A few weeks after our son’s first birthday, we learned we were pregnant. This news came as a complete surprise. Initially, we were overwhelmed, but who were we to question God’s plan for our family? We trusted he would provide us with what we needed.
A little over a month later, we rejoiced to hear the tiny hoofbeat sound of our 7-week-old fetus’s beating heart. We were thrilled to be expecting our second child. We let our family and close friends in on the good news. We cried with our friends struggling with infertility as they rejoiced with us. I told our son he was going to be a big brother and we planned our pregnancy announcement photo.
I walked into our next appointment with no anxiety; I’d been terribly sick and was completely confident we were having a healthy pregnancy. After a lot of searching and silence, the doctor informed me the baby no longer had a heartbeat. I was utterly shocked. They waited for my husband to arrive to tell us our options. I listened as well as I could, considered them, and then said I didn’t want to do any of them. I wanted to carry this baby to term and for my children to be 21 months apart, but that wasn’t a choice. They sent us home to grieve before making our decision.
Today, two days later, we’re still processing. But even as we grieve and wait to miscarry, God is faithfully revealing himself to us through his Word. We’re learning so much, particularly these five things.
1. God is good.
The fact that the baby in my body is now lifeless doesn’t mean God isn’t good. It points to the reality that our world is fallen and in need of saving. This is the closest I’ve ever been to death (it’s literally inside of me, where life should be) and yet I’ve never seen God’s goodness more clearly than I do now in his provision of Jesus to defeat death finally and forever. We’re abundantly blessed through the gift of his Son. We’ve experienced his comfort, delighted in the truth of his Word, and rejoiced in his provision like never before in the past few days.
2. Our hope isn’t in earthly things.
Upon hearing our news, many have tried to comfort us by saying, “There will be more babies.” While we appreciate the sentiment and acknowledge the gift it is to know my body can carry a baby to term, this isn’t the source of our hope. We may never be able to conceive again, or we may conceive and lose more children.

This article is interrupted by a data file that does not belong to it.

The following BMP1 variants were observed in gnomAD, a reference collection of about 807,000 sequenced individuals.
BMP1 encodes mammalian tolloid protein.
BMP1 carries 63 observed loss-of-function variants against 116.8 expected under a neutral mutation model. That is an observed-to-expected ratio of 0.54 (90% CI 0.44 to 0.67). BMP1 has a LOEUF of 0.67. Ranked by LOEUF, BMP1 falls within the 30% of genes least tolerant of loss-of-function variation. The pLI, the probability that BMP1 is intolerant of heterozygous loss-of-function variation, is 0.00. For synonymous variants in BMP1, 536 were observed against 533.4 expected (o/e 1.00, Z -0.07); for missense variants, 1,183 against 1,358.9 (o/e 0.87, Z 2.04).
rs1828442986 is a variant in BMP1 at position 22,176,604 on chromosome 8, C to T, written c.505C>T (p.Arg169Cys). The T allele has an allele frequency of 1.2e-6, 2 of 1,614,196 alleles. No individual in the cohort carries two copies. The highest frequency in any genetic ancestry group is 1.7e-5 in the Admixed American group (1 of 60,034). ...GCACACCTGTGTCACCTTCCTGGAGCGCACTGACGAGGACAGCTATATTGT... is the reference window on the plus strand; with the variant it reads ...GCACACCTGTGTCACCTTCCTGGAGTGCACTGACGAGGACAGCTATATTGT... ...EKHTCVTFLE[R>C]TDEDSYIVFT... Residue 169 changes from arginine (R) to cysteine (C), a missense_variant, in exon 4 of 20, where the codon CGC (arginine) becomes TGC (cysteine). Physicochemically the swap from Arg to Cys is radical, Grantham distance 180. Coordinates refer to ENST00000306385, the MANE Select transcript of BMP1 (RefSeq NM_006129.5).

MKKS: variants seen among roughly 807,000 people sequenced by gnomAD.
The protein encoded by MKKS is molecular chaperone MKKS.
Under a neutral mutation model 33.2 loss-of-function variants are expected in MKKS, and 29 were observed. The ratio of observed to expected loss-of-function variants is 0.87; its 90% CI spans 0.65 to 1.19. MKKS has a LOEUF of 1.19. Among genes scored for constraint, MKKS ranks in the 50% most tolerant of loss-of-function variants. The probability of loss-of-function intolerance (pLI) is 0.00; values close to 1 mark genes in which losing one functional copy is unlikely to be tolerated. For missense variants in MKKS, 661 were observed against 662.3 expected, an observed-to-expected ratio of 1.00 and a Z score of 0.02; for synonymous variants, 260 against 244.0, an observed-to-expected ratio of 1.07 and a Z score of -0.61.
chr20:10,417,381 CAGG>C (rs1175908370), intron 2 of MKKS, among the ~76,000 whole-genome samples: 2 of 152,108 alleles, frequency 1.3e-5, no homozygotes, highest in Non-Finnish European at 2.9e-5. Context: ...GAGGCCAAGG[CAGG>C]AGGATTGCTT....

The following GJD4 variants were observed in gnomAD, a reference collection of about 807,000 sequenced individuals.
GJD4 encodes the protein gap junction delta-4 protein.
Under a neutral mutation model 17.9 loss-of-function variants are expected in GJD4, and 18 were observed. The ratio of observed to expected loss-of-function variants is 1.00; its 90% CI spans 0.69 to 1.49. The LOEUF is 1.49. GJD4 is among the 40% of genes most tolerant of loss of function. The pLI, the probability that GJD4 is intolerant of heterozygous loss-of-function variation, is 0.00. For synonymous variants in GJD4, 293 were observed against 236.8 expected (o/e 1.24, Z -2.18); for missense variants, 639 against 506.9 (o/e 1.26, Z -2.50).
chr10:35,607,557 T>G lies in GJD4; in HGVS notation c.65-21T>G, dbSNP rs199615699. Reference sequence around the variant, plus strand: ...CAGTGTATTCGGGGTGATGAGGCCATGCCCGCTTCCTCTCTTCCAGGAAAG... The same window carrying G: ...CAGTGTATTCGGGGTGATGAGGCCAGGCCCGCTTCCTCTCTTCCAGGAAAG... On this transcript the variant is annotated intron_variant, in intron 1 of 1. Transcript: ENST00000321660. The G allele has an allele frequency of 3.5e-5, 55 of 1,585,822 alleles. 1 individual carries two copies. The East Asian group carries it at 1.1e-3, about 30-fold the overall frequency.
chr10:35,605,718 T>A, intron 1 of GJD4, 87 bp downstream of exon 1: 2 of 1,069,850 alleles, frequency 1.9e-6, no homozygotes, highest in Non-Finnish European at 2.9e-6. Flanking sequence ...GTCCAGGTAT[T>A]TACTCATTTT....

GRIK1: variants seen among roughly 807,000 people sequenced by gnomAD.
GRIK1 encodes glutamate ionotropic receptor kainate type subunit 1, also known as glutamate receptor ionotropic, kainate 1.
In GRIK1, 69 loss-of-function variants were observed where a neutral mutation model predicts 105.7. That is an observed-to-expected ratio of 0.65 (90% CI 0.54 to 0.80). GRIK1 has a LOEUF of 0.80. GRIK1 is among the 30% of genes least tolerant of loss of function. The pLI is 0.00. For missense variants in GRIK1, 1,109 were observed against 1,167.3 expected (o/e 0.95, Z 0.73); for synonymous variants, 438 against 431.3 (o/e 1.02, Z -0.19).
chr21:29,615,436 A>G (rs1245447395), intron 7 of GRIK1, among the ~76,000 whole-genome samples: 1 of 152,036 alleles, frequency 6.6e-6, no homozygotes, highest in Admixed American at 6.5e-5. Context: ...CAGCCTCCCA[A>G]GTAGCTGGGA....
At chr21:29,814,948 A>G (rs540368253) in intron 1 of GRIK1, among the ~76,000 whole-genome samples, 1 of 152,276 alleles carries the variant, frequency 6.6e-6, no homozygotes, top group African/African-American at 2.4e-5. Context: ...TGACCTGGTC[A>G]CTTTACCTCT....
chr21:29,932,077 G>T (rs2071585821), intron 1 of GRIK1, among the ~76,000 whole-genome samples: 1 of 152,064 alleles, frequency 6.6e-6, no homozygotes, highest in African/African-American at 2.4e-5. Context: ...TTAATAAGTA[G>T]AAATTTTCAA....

Our hope comes from our confidence in God’s sovereignty, his character, and his promises. When we read “all things work together for good” (Rom. 8:28), that good isn’t necessarily the growth of our family; we read it and are comforted that God works all things for his own glory, which is inexplicably tied to our good. We’re confident he will use this experience to make us more like Jesus, to teach us to trust him, and to give us the ability to comfort others. But our greatest hope comes from the finished work of Jesus. Those who hope in him lack no good thing.
3. We aren’t immune to suffering.
Life can change in an instant. This is our first experience as a couple with true grief. Our married life has been relatively free of trouble apart from the relational consequences of our own selfishness and sin. This experience reminds us that being followers of Jesus doesn’t mean everything is going to go well. In fact, the Bible is clear that being a Christian means we can expect suffering. We’re grateful for the opportunity to be near to Jesus by being acquainted with sorrow. May we always be so protected from loving ease and finding security in our circumstances as we’ve been the past few days.
4. It’s not ‘all for nothing.’
I’m tempted to resent my lingering pregnancy symptoms and believe this was all some sort of cruel joke. “What’s the point?” the enemy whispers, as he seeks to enter my mind through the doorway of cynicism. But in the kingdom of God, nothing is wasted. He works all things for good. Enduring this nausea and fatigue may not be rewarded with the birth of a baby, but suffering makes me more like Jesus, and I have an inheritance kept for me in heaven that cannot perish.
5. ‘The secret things belong to God.’
We have lots of questions. What caused the baby to die? Could we have prevented its death? Why surprise us, make us excited, and then shock us with loss? Did God receive our baby? Will its resurrected body be a fetus? Will we be able to conceive again when we want to?
But those questions only lead to anxiety, dead ends, and frustrations. Instead, we will cling to what we know, to what God has revealed. As Moses put it, “The secret things belong to God, but the things revealed belong to us and our children forever” (Deut. 29:29). So we labor to entrust the “secret things” to a sovereign and good Father, believing he is more on our side than we could ever be.
One day these things won’t be remembered, but we’ll be glad and rejoice forever in what God will create. There won’t be any more crying or distress; there won’t be any more dying babies or people taken too young, but only flourishing (Isa. 65). For now we take comfort in God’s promise that he is with us, that he is for us, and that he upholds us with his righteous right hand.